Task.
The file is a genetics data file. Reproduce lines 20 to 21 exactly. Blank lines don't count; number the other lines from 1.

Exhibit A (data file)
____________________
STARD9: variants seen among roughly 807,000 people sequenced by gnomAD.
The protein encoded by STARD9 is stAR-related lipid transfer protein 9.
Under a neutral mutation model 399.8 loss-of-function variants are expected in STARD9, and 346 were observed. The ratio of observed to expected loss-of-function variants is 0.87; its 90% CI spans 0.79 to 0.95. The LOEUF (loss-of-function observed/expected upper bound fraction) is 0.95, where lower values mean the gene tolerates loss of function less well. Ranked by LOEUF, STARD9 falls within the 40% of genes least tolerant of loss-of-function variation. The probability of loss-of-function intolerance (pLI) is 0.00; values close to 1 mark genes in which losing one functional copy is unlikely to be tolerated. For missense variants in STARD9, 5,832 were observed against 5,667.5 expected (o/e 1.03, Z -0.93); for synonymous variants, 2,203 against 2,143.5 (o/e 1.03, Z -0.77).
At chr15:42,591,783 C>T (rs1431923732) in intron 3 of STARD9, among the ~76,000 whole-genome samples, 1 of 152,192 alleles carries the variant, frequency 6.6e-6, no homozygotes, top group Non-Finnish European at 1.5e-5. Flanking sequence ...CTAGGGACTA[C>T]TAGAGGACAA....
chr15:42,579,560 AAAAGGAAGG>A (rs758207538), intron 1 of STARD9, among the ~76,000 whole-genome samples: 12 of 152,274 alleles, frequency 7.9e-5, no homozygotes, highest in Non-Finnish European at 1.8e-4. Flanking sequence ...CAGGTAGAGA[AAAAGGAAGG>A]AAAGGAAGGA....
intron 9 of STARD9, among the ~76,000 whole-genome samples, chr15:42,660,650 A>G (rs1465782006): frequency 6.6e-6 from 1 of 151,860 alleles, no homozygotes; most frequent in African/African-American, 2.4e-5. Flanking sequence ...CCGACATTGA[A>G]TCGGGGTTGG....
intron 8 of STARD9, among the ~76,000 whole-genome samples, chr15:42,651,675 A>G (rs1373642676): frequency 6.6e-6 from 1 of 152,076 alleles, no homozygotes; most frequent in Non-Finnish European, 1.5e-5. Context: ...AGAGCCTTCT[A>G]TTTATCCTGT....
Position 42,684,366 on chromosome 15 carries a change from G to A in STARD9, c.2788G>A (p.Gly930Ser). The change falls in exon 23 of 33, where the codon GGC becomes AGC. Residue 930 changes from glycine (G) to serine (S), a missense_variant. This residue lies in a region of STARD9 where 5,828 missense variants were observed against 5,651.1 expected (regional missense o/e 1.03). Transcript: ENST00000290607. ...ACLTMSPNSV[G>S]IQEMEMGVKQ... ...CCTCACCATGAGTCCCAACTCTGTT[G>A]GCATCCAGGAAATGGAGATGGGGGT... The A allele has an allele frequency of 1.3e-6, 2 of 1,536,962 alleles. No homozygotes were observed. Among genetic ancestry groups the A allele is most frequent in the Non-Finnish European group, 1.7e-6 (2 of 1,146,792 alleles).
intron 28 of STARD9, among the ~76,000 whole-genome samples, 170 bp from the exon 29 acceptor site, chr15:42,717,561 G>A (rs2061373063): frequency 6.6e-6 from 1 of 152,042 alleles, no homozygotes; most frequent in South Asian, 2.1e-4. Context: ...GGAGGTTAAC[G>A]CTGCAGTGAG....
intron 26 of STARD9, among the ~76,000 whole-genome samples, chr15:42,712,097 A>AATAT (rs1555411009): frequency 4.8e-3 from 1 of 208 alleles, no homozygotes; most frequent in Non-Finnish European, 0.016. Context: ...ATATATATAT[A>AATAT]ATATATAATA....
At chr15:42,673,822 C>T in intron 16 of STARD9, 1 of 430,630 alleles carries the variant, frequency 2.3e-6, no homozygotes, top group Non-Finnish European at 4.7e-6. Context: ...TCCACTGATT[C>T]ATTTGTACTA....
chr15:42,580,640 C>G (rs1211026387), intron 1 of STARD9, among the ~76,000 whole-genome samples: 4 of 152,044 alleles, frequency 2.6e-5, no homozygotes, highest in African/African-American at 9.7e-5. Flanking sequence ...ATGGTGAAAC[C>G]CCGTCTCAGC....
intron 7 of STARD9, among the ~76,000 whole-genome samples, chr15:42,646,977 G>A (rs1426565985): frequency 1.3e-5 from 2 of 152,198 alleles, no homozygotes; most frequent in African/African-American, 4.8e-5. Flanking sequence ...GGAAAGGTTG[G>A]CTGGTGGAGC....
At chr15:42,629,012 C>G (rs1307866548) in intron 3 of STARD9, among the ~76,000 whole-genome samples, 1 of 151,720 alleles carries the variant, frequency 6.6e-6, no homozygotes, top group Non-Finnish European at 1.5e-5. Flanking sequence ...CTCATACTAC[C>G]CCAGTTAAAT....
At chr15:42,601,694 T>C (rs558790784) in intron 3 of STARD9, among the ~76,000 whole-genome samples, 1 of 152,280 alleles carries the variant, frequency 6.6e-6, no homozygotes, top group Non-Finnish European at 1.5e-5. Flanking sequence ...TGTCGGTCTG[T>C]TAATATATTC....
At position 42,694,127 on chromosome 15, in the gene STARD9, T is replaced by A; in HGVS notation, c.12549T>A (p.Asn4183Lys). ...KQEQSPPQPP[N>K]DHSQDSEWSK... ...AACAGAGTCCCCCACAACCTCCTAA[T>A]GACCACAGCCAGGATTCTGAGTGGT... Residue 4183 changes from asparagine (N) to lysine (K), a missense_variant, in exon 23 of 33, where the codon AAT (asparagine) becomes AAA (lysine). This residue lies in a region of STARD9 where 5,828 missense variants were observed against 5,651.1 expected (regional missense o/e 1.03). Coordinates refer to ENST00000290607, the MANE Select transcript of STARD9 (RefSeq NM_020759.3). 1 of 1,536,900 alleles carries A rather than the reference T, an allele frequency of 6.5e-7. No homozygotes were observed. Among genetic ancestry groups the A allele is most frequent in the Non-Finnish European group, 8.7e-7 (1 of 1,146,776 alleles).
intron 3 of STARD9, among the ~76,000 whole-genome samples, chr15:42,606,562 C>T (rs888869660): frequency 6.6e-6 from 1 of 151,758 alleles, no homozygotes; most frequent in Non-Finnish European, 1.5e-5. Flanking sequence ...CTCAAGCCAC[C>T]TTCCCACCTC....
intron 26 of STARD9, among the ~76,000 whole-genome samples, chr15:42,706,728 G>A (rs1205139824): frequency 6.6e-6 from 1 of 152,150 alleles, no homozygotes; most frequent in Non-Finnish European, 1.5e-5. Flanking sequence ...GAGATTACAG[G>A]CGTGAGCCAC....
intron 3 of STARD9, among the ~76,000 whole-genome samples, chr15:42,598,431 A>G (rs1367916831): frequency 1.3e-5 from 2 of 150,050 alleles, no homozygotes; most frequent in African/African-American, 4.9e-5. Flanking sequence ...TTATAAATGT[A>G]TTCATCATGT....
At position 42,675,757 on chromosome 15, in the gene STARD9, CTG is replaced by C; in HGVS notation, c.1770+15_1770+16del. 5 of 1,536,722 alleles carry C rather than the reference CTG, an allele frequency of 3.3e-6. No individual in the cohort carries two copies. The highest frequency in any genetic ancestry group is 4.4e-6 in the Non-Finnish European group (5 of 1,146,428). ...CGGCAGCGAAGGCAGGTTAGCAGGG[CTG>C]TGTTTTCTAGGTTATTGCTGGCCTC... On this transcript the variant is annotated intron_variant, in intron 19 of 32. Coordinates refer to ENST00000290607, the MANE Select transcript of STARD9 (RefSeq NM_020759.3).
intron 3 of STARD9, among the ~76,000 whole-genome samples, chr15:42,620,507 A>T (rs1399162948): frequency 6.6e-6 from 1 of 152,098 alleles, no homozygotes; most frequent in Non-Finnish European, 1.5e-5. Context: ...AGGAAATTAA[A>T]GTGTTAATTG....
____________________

At position 42,675,757 on chromosome 15, in the gene STARD9, CTG is replaced by C; in HGVS notation, c.1770+15_1770+16del. 5 of 1,536,722 alleles carry C rather than the reference CTG, an allele frequency of 3.3e-6. No individual in the cohort carries two copies. The highest frequency in any genetic ancestry group is 4.4e-6 in the Non-Finnish European group (5 of 1,146,428). ...CGGCAGCGAAGGCAGGTTAGCAGGG[CTG>C]TGTTTTCTAGGTTATTGCTGGCCTC... On this transcript the variant is annotated intron_variant, in intron 19 of 32. Coordinates refer to ENST00000290607, the MANE Select transcript of STARD9 (RefSeq NM_020759.3).
intron 3 of STARD9, among the ~76,000 whole-genome samples, chr15:42,620,507 A>T (rs1399162948): frequency 6.6e-6 from 1 of 152,098 alleles, no homozygotes; most frequent in Non-Finnish European, 1.5e-5. Context: ...AGGAAATTAA[A>T]GTGTTAATTG....